Chris Boxer has written an account of our tandem sail to Poole and back, where we met Amiina and many others. I’m very pleased to have helped him gain experience and confidence. The more junk sailors the better!
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I’ve just found Blueboatman’s excellent thread of junk rigged Corribee and Coromandel advice for the Jester Challenge via Steve Hickey on the Jester Challenge mailing list.
This is a really useful list of failures and risks of the boat, and advice about what to do about them. What’s great is that it corresponds very closely with that I’ve observed after two years with my Coromandel thinking about the Jester Challenge. I’ve only just found this thread, and it’s great to have some confirmation as well as a few things I’ve missed.
I found the sailing blog of Wild Song via a reply to my YBW thread. It’s a good read in general, but the final post is very useful indeed. Here are a few extracts that I found particularly helpful.
Ocean sailing is much easier than you think. You spend too much time in advance worrying about bad weather when your time would be better spent considering light airs. […] Light airs do more damage to boats than heavy weather. Sheets fray and chafe, shackles work lose, knots come undone.
Junk rigs don’t suffer quite the same problems as Bermudans, but one serious problem is repeated “slatting” (knocking) of the battens against the mast. I’ve also noticed the sail swinging, rubbing the battens and making the parrels chafe the mast like saws. Sacrificial painting of the mast might be a good idea, but it might also be worth inserting sacrificial material between the mast, battens, and parrels when the wind is light.
I have learned that it doesn’t matter what boat you have.
Whatever boat you have you must know it inside out. […] You have to know every nut and bolt of every bit of kit, every rattle in the boat, every sound she makes, and then you instantly know when something is not quite right. It takes time- there’s no other way. But once you have that knowledge you can relax.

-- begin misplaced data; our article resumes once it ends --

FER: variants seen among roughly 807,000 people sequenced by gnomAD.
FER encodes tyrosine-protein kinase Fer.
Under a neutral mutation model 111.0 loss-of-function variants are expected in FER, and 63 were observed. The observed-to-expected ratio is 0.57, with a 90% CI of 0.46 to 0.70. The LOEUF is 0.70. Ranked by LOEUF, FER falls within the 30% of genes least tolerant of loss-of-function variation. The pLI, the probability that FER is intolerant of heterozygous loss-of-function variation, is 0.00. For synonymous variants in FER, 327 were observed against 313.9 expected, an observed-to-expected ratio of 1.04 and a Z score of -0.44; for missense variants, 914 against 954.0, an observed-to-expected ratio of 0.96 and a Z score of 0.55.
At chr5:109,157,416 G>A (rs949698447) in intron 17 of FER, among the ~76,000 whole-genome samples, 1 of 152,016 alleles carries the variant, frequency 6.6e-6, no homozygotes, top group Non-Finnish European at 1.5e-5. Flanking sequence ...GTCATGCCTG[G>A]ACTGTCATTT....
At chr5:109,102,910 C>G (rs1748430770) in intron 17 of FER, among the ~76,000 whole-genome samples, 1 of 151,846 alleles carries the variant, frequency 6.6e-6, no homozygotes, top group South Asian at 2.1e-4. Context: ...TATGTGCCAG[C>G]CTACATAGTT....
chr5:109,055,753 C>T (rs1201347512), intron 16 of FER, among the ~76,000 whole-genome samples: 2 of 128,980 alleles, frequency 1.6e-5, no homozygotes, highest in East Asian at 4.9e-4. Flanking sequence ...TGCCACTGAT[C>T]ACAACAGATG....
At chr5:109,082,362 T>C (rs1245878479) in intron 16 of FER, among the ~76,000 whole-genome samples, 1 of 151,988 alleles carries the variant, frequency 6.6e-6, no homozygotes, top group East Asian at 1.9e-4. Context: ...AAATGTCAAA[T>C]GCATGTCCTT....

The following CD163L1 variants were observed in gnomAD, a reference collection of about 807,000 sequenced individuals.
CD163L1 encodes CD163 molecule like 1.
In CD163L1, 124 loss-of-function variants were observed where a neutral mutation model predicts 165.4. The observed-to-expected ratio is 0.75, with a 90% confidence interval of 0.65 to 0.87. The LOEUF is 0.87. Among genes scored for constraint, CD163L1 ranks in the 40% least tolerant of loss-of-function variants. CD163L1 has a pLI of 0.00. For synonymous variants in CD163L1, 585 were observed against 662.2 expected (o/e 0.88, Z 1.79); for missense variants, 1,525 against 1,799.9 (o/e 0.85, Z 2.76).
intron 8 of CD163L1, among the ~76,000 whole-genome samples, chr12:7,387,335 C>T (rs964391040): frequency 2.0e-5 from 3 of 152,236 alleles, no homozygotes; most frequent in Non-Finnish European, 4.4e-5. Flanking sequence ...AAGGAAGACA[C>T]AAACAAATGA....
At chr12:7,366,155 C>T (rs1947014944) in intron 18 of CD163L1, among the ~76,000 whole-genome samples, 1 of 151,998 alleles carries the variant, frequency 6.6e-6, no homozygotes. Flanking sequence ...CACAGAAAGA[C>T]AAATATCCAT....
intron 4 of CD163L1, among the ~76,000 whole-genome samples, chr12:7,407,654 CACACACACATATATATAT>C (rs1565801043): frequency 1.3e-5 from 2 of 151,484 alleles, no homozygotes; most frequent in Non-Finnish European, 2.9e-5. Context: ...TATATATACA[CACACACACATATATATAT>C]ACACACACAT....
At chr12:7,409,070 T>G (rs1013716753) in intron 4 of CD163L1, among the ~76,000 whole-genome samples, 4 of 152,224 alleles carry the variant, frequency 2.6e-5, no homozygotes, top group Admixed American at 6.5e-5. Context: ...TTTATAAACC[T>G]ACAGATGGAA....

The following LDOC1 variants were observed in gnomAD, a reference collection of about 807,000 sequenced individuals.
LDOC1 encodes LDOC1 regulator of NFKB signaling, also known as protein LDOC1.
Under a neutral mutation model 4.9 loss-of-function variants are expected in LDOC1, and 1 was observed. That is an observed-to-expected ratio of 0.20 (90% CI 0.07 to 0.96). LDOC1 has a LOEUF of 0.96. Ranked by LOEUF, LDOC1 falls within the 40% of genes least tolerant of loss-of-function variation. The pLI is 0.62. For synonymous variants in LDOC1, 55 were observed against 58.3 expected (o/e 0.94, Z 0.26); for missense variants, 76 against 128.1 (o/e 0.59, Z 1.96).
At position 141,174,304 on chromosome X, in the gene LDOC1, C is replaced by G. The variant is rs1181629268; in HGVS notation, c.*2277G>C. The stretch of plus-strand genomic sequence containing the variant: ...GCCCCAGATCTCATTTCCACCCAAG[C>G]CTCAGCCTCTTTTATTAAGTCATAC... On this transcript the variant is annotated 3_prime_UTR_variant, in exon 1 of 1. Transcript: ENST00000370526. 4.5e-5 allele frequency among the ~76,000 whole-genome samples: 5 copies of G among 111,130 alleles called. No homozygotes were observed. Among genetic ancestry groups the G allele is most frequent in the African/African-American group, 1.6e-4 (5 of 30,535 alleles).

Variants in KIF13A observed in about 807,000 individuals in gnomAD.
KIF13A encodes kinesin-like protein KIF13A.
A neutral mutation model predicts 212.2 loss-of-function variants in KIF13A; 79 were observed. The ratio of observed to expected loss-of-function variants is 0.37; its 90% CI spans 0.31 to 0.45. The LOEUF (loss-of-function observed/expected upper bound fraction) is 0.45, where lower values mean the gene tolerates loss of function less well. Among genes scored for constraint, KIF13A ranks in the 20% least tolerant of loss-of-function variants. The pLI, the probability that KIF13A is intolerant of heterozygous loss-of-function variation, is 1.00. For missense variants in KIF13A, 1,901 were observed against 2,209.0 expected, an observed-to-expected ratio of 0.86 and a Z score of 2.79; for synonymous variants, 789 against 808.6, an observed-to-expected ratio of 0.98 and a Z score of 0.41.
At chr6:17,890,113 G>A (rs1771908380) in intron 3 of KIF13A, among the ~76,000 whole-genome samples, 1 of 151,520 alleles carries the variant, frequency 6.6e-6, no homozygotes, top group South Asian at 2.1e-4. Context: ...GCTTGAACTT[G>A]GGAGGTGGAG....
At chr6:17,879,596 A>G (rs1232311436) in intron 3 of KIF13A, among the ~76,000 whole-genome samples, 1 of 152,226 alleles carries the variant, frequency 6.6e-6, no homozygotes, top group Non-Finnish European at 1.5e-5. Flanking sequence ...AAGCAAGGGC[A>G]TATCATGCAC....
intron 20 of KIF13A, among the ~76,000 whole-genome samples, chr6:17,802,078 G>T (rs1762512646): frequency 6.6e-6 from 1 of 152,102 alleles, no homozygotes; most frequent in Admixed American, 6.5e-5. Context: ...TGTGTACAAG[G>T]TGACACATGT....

This is one reason I’m very pleased to have a small and simple boat. I will be able to know every part of it very well and carry spare parts and repair kits for almost everything.
I never reckoned on how much time would be spent doing nothing. Plan for boredom.
I’m very hard to bore. Wild Song’s skipper lists thing for consumption but I know that I must take things for construction.
I think the AIS receiver is possibly the greatest safety device of modern times.
I’m trying to avoid electronic gadgets, even though I’m a lifelong computer geek. But I have been thinking about AIS. So far I haven’t found something compact, waterproof, and portable, which is what I’d prefer. I really just want it for the proximity alarm and nothing else.
Do astro navigation. It’s rewarding to learn you way round the sky, and it takes up an enormous amount of time.
I love the night sky, and from the sea it’s absolutely magnificent. This will be no chore at all.
This chap has been taking pictures of his boat from a kite. I’ve been having a nice conversation with him about it in the comments section.
Whilst moored on the Deben, I had a chance to try out my improvements to the kite-cam rig for aerial photography with my gopro.
I have added pulleys and used a longer picavet cradle, in order to better damp the oscillation of the kite. I am getting better at aiming the camera and I’m pleased with the stability improvements.
However, I notice that the weight of the camera rig tends to stall the kite sometimes and I wonder if the tail could do with more drag to correct the angle of attack. The pulley are also lined up the wrong way and don’t seem to help with the main problem, movement at right angles to the kite line. Further, I wonder if a larger cross would’ve more stable. I can feel a Mark 2 coming on…
For those who have asked, here are some shots of the rig I used…
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